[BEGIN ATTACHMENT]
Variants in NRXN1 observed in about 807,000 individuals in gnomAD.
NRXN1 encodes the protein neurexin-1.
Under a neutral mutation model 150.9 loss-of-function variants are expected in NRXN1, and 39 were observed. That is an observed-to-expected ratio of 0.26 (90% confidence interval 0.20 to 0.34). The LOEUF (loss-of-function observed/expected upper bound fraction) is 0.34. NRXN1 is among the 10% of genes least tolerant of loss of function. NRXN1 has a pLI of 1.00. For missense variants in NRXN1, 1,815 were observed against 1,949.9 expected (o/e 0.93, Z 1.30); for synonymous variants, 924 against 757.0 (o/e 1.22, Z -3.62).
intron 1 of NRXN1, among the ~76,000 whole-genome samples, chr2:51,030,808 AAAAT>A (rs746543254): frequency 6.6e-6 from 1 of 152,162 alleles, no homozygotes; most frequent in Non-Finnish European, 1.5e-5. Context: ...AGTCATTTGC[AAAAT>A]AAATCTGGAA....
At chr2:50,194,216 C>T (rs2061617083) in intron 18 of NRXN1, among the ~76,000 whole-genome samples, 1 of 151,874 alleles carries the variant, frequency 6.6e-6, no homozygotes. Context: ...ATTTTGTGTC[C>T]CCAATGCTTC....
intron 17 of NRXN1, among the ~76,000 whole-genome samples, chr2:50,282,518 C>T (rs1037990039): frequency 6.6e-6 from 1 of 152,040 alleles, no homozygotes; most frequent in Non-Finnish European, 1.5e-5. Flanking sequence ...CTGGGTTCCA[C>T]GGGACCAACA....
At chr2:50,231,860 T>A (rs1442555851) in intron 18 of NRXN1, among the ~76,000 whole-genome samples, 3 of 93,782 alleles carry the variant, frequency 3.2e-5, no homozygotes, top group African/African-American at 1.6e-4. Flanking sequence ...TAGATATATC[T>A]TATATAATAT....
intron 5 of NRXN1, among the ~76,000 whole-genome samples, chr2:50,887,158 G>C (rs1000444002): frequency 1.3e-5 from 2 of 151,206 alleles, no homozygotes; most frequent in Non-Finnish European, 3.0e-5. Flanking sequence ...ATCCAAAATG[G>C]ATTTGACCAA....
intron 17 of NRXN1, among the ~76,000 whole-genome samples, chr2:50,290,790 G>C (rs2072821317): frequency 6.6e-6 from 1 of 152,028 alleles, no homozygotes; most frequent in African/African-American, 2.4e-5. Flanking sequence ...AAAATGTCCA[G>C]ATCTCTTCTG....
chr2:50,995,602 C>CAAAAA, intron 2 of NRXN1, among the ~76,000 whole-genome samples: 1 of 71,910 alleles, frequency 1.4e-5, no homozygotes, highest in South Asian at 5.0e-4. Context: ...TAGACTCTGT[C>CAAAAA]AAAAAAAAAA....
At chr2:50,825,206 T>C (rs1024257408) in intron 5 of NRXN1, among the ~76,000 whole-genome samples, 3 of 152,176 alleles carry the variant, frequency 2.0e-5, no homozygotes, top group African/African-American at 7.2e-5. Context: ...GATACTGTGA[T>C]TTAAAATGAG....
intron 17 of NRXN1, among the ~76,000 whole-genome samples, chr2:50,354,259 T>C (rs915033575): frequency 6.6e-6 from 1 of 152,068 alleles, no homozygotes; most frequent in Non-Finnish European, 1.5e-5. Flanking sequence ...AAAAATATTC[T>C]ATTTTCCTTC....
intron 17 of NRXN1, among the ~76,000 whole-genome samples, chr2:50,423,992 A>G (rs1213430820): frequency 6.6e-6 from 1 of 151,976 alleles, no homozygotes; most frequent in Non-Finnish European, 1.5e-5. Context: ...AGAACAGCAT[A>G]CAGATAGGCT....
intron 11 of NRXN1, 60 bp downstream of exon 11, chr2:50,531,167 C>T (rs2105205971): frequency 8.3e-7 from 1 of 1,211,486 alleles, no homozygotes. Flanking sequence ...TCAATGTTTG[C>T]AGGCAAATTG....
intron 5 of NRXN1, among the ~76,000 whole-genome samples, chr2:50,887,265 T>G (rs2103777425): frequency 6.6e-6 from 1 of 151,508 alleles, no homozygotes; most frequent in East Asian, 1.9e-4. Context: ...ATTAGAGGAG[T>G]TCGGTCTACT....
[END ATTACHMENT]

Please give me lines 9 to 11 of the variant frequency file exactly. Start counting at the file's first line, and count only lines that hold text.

intron 17 of NRXN1, among the ~76,000 whole-genome samples, chr2:50,290,790 G>C (rs2072821317): frequency 6.6e-6 from 1 of 152,028 alleles, no homozygotes; most frequent in African/African-American, 2.4e-5. Flanking sequence ...AAAATGTCCA[G>C]ATCTCTTCTG....
chr2:50,995,602 C>CAAAAA, intron 2 of NRXN1, among the ~76,000 whole-genome samples: 1 of 71,910 alleles, frequency 1.4e-5, no homozygotes, highest in South Asian at 5.0e-4. Context: ...TAGACTCTGT[C>CAAAAA]AAAAAAAAAA....
At chr2:50,825,206 T>C (rs1024257408) in intron 5 of NRXN1, among the ~76,000 whole-genome samples, 3 of 152,176 alleles carry the variant, frequency 2.0e-5, no homozygotes, top group African/African-American at 7.2e-5. Context: ...GATACTGTGA[T>C]TTAAAATGAG....